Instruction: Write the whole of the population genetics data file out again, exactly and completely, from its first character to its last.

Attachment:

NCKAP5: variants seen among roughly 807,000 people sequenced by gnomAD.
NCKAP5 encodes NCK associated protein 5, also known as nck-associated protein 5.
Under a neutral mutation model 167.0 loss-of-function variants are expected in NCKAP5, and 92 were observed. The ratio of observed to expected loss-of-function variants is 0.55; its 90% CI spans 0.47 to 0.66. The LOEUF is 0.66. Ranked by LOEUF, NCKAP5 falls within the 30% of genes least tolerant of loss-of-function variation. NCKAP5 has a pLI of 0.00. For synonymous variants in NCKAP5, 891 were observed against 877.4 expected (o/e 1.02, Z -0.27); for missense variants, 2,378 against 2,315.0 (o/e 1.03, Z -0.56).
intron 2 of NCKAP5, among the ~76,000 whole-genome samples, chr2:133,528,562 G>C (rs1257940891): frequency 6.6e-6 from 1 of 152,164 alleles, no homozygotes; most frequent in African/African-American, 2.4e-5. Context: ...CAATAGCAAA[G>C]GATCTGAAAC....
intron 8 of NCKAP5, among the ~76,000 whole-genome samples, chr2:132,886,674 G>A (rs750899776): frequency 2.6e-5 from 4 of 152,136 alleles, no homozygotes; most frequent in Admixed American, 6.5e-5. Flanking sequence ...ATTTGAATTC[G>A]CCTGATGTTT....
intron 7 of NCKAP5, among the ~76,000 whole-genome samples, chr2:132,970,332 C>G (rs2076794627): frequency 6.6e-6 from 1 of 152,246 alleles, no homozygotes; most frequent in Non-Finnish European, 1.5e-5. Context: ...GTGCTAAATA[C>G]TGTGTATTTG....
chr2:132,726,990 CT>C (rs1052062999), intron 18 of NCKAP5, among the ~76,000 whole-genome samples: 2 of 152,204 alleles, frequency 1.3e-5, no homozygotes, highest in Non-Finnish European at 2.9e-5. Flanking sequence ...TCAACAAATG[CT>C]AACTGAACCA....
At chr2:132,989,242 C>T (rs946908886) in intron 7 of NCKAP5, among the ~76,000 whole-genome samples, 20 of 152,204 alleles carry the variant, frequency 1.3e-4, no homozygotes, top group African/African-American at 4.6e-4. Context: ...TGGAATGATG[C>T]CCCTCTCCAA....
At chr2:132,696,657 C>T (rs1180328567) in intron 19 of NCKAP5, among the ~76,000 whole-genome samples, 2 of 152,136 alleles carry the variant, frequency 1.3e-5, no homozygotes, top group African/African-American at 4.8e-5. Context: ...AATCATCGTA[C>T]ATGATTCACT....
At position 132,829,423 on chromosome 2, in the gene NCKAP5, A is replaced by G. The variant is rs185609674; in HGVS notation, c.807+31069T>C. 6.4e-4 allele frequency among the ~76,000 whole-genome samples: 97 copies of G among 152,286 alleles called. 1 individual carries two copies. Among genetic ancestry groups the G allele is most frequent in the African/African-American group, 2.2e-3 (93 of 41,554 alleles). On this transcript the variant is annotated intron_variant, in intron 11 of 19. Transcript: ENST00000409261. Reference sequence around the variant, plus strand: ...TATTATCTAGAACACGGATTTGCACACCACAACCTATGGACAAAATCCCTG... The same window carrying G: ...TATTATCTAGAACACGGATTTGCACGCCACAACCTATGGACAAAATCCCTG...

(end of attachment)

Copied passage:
NCKAP5: variants seen among roughly 807,000 people sequenced by gnomAD.
NCKAP5 encodes NCK associated protein 5, also known as nck-associated protein 5.
Under a neutral mutation model 167.0 loss-of-function variants are expected in NCKAP5, and 92 were observed. The ratio of observed to expected loss-of-function variants is 0.55; its 90% CI spans 0.47 to 0.66. The LOEUF is 0.66. Ranked by LOEUF, NCKAP5 falls within the 30% of genes least tolerant of loss-of-function variation. NCKAP5 has a pLI of 0.00. For synonymous variants in NCKAP5, 891 were observed against 877.4 expected (o/e 1.02, Z -0.27); for missense variants, 2,378 against 2,315.0 (o/e 1.03, Z -0.56).
intron 2 of NCKAP5, among the ~76,000 whole-genome samples, chr2:133,528,562 G>C (rs1257940891): frequency 6.6e-6 from 1 of 152,164 alleles, no homozygotes; most frequent in African/African-American, 2.4e-5. Context: ...CAATAGCAAA[G>C]GATCTGAAAC....
intron 8 of NCKAP5, among the ~76,000 whole-genome samples, chr2:132,886,674 G>A (rs750899776): frequency 2.6e-5 from 4 of 152,136 alleles, no homozygotes; most frequent in Admixed American, 6.5e-5. Flanking sequence ...ATTTGAATTC[G>A]CCTGATGTTT....
intron 7 of NCKAP5, among the ~76,000 whole-genome samples, chr2:132,970,332 C>G (rs2076794627): frequency 6.6e-6 from 1 of 152,246 alleles, no homozygotes; most frequent in Non-Finnish European, 1.5e-5. Context: ...GTGCTAAATA[C>G]TGTGTATTTG....
chr2:132,726,990 CT>C (rs1052062999), intron 18 of NCKAP5, among the ~76,000 whole-genome samples: 2 of 152,204 alleles, frequency 1.3e-5, no homozygotes, highest in Non-Finnish European at 2.9e-5. Flanking sequence ...TCAACAAATG[CT>C]AACTGAACCA....
At chr2:132,989,242 C>T (rs946908886) in intron 7 of NCKAP5, among the ~76,000 whole-genome samples, 20 of 152,204 alleles carry the variant, frequency 1.3e-4, no homozygotes, top group African/African-American at 4.6e-4. Context: ...TGGAATGATG[C>T]CCCTCTCCAA....
At chr2:132,696,657 C>T (rs1180328567) in intron 19 of NCKAP5, among the ~76,000 whole-genome samples, 2 of 152,136 alleles carry the variant, frequency 1.3e-5, no homozygotes, top group African/African-American at 4.8e-5. Context: ...AATCATCGTA[C>T]ATGATTCACT....
At position 132,829,423 on chromosome 2, in the gene NCKAP5, A is replaced by G. The variant is rs185609674; in HGVS notation, c.807+31069T>C. 6.4e-4 allele frequency among the ~76,000 whole-genome samples: 97 copies of G among 152,286 alleles called. 1 individual carries two copies. Among genetic ancestry groups the G allele is most frequent in the African/African-American group, 2.2e-3 (93 of 41,554 alleles). On this transcript the variant is annotated intron_variant, in intron 11 of 19. Transcript: ENST00000409261. Reference sequence around the variant, plus strand: ...TATTATCTAGAACACGGATTTGCACACCACAACCTATGGACAAAATCCCTG... The same window carrying G: ...TATTATCTAGAACACGGATTTGCACGCCACAACCTATGGACAAAATCCCTG...